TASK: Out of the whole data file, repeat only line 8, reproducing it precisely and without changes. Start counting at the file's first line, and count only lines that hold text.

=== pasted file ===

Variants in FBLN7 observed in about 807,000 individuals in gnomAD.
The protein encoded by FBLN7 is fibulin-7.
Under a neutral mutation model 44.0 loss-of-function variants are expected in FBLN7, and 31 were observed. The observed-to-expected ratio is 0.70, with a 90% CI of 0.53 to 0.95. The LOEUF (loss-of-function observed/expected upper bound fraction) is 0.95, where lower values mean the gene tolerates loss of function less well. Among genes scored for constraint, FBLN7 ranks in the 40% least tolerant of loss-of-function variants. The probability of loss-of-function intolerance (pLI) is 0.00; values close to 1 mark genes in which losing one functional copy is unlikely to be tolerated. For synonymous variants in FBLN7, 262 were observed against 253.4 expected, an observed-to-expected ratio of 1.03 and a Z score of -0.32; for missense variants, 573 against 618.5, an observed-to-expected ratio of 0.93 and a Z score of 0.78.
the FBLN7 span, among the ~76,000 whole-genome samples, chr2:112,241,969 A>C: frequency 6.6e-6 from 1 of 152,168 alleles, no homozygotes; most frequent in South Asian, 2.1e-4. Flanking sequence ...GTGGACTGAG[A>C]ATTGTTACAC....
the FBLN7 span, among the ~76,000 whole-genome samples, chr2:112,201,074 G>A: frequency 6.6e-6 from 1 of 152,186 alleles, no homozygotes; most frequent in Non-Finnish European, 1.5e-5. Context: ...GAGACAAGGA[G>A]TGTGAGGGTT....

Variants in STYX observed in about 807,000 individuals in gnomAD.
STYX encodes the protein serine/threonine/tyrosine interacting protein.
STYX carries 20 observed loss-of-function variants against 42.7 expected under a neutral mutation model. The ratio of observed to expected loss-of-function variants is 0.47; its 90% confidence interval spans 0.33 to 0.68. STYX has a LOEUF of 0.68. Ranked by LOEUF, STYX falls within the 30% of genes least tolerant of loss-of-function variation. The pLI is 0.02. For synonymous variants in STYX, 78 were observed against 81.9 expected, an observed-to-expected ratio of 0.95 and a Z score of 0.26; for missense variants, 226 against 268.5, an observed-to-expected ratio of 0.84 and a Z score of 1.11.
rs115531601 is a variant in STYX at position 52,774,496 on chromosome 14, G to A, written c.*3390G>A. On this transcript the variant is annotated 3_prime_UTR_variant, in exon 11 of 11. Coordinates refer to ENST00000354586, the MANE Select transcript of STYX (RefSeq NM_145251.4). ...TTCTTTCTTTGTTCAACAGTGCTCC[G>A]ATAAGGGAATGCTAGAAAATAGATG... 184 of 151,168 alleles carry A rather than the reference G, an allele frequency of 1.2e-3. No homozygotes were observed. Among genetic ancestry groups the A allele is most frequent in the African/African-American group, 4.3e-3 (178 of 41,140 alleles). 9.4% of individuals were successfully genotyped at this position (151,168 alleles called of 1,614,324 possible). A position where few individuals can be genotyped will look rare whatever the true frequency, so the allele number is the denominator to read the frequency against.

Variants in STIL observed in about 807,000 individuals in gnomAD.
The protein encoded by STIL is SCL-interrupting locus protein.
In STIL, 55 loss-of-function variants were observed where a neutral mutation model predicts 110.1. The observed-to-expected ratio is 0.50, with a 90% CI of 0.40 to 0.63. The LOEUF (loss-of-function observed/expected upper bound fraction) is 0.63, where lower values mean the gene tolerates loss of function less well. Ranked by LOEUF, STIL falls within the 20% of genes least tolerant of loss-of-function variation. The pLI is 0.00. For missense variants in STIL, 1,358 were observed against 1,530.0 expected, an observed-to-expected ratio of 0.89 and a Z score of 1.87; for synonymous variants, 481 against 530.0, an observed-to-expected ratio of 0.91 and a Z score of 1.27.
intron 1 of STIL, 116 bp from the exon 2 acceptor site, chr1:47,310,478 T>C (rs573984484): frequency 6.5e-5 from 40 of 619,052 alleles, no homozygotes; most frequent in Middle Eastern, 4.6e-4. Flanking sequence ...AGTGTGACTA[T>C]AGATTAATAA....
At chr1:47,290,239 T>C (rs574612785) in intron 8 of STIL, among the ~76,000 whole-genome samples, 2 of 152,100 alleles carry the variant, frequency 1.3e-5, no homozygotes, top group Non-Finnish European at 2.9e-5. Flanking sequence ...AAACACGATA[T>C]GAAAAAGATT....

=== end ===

STYX carries 20 observed loss-of-function variants against 42.7 expected under a neutral mutation model. The ratio of observed to expected loss-of-function variants is 0.47; its 90% confidence interval spans 0.33 to 0.68. STYX has a LOEUF of 0.68. Ranked by LOEUF, STYX falls within the 30% of genes least tolerant of loss-of-function variation. The pLI is 0.02. For synonymous variants in STYX, 78 were observed against 81.9 expected, an observed-to-expected ratio of 0.95 and a Z score of 0.26; for missense variants, 226 against 268.5, an observed-to-expected ratio of 0.84 and a Z score of 1.11.